Inside the Secret Dating App for Super Hot People
(Photo: Getty Images)
By Alice Hines
The first profile I saw on the dating app Raya was Patrick, 21. He had sandy-brown hair, wide-set blue eyes, and a pet monkey. In the photo, the animal perched on his shoulder, wearing a onesie and stroking his hair. It was cute, in a weird-text-from-your-little-brother’s-friend kind of way.Would you like to see more? the monkey seemed to ask.
I pressed a play button and my iPhone filled with a Patrick montage set to music. Watching the procession of photos felt intimate, like FaceTiming a friend, but also creepy, like hacking into someone’s phone. In fact, it was something in-between. Patrick has a last name even your grandmother who’s never used an app would recognize — his dad’s a movie star. But because we’d both been accepted to Raya, we could be chatting in just a few clicks, if we both tapped the heart on each other’s profiles.
Related: New York Magazine’s ‘Sex Lives’ Podcast: How to Survive the Dating Apocalypse
Raya calls itself “an exclusive dating and networking platform for people in creative industries.” I’ve also heard it called “Illuminati Tinder.” Members are admitted by a secretive, anonymous committee, based in part on their Instagram presence. The result is something like one of those unmarked nightclubs, except it’s in your phone, and peppered with vloggers and net artists in addition to models and Disney stars of yore.
Raya isn’t the first online dating service to try to harness celebrity and status to cultivate an image of exclusivity — its strategy, however, seems shrewder than most. The League, another private dating app, launched last year amid widespread media coverage and $2.1 million in seed money, and has attracted a crowd that’s elite by some standards but blandly corporate by others. Raya, meanwhile, operates quietly. Since it launched in March, it has stayed totally out of the press. The people that gravitate to this are diverse, but also, generally, more (internet) famous than their counterparts on other dating services.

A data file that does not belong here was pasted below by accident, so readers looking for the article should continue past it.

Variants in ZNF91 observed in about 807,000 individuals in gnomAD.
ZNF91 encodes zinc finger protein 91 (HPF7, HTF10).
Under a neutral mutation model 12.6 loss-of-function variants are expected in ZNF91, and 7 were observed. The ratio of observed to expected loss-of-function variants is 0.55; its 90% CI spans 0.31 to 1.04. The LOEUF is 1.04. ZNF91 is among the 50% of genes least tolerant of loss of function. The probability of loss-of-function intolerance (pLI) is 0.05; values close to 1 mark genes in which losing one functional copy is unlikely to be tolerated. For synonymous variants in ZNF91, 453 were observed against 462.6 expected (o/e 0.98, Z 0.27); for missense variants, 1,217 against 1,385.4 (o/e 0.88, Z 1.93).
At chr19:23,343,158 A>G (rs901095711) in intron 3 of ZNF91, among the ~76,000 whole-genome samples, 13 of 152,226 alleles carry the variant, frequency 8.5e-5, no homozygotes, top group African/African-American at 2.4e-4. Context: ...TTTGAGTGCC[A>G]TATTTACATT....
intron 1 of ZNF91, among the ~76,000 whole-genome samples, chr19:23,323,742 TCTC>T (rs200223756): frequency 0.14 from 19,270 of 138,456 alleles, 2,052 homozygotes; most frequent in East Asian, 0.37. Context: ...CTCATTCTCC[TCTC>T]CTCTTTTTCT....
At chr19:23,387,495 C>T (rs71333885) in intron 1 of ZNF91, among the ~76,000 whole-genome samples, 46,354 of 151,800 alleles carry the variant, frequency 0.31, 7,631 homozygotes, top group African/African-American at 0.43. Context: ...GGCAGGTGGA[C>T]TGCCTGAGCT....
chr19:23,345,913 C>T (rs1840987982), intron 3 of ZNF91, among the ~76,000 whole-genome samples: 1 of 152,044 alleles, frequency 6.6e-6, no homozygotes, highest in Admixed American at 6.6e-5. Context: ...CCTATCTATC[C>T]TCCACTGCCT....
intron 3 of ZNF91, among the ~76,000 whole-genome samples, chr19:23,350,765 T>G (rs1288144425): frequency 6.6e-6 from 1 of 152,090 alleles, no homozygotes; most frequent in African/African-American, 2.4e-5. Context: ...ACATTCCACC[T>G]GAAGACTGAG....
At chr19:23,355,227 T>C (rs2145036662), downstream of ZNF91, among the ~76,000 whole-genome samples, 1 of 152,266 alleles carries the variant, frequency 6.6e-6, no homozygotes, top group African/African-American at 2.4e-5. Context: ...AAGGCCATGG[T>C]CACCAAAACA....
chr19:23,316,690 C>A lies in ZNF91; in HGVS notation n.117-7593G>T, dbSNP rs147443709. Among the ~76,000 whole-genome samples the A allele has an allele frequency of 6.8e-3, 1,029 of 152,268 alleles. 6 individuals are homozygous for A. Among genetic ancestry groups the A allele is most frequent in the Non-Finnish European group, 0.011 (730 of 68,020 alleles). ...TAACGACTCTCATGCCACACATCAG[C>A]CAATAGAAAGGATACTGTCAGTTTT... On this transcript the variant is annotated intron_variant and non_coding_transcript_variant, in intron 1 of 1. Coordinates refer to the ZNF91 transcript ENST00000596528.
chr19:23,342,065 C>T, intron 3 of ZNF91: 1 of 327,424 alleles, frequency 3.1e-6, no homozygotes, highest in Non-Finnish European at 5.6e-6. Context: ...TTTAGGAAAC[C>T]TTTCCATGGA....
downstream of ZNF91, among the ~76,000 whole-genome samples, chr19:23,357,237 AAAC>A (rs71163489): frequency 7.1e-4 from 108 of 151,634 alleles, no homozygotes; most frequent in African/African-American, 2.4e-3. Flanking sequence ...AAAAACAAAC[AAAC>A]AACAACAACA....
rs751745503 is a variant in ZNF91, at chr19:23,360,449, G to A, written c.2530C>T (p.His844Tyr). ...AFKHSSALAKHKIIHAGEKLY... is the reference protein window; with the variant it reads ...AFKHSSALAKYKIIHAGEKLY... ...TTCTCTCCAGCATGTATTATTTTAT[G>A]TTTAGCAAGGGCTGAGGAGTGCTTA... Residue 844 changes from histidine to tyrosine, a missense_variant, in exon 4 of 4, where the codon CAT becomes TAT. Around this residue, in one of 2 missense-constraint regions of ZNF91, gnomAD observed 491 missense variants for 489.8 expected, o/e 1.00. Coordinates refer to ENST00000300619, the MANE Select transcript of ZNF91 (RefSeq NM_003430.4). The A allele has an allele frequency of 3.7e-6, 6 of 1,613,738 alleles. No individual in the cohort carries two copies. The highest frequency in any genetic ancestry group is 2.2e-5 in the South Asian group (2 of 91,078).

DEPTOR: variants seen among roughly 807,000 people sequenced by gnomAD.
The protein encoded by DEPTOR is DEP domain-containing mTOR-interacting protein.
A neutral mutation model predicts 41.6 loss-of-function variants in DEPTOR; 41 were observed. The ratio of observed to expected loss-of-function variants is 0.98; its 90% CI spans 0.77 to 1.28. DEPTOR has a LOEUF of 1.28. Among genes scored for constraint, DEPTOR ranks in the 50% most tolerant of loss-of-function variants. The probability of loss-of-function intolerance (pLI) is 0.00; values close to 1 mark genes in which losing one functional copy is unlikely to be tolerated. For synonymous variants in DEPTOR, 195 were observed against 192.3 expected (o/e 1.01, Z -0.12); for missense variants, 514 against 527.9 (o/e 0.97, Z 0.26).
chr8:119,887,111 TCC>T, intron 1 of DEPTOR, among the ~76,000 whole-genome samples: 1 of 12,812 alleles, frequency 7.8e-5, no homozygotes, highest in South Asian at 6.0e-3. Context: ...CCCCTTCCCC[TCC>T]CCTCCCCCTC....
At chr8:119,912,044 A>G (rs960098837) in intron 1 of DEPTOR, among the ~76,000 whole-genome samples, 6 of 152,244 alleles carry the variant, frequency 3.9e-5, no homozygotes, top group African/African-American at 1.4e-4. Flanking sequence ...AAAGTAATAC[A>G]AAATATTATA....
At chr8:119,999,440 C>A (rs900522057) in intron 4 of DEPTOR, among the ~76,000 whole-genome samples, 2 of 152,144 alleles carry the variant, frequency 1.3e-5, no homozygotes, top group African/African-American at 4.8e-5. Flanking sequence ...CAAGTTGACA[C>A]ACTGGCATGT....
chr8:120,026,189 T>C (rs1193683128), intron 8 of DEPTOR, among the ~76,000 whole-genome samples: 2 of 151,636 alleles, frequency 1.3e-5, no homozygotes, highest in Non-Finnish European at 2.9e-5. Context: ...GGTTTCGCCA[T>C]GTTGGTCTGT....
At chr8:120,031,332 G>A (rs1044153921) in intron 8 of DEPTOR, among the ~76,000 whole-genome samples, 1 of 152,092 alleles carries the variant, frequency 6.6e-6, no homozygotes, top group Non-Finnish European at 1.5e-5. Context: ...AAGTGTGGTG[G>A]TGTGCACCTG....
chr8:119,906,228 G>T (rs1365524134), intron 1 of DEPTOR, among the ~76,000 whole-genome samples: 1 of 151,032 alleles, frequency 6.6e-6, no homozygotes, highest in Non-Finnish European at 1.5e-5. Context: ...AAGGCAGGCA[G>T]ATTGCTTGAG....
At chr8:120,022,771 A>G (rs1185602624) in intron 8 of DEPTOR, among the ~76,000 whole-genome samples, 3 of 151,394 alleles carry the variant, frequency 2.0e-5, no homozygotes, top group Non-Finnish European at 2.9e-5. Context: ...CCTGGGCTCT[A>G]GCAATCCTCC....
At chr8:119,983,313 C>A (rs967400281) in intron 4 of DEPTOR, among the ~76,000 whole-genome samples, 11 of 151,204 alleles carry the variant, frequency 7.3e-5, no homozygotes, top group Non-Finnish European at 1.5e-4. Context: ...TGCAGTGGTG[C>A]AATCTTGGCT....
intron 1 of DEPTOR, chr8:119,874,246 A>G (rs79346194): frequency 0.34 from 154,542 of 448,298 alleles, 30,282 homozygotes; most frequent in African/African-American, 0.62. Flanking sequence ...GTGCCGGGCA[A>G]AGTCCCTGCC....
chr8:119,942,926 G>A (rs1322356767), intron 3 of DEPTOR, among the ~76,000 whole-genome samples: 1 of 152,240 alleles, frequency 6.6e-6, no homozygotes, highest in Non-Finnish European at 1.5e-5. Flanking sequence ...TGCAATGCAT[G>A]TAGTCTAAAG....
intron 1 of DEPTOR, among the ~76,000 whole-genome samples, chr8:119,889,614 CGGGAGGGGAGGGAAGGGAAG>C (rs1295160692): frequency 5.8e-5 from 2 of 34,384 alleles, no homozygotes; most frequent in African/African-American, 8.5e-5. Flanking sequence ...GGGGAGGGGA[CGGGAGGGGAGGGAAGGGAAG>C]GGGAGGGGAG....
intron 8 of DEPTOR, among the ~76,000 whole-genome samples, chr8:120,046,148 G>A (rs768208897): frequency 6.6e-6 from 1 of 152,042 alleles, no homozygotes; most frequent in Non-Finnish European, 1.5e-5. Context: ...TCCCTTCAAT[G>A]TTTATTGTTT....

During my three weeks on Raya, I saw pro skateboarders and Sports Illustrated swimsuit models, Dancing With the Stars professional dancers, a YouTube beauty guru, the designer of a streetwear brand popularized by Kanye West, a teen celebrity chef, and Moby. Someone leaked Kelly Osbourne’s Raya profile on Instagram this week, which marked one of the first times the app has been referenced on public social media. One member I interviewed reported spotting Raven Symoné of That’s So Raven and Nev Schulman from Catfish. I matched with the owner of the Paris nightclub I spent the summer of my 19th year strategizing about getting into, and stumbled upon enough up-and-coming DJs/musicians to program a weekend at MoMA PS1’s Warm Up. There were plenty of non-famous people, too: artists, models, record-label employees, ad execs, photographers. Most had Instagram follower counts starting in the low thousands, or else were young and very attractive. (The app can be tailored to any sexual preference, though members say the crowd leans straight.) Per the Raya website, applicants are evaluated by an algorithm, which considers “overall Instagram influence, who recommended the applicant, and how many active Raya members follow the applicant on Instagram,” as well as a committee’s vote.
Public figures have dated online before. Hilary Duff and Mariah Carey joined Tinder and Match.com as part of publicity stunts (which makes stumbling upon one of their profiles feel about as exciting as seeing an ad). In July, Tinder introduced verified profiles, supposedly to help prominent members looking for dates distinguish themselves from fake accounts. The thing is, a blue checkmark isn’t exactly discreet. "People are like, ‘Oh my God, that’s so fucking sad,’” said Amy Schumer of what happens when celebrities date online in an episode of her Comedy Central show. “And you’re like, 'You’re right, I should die alone.’”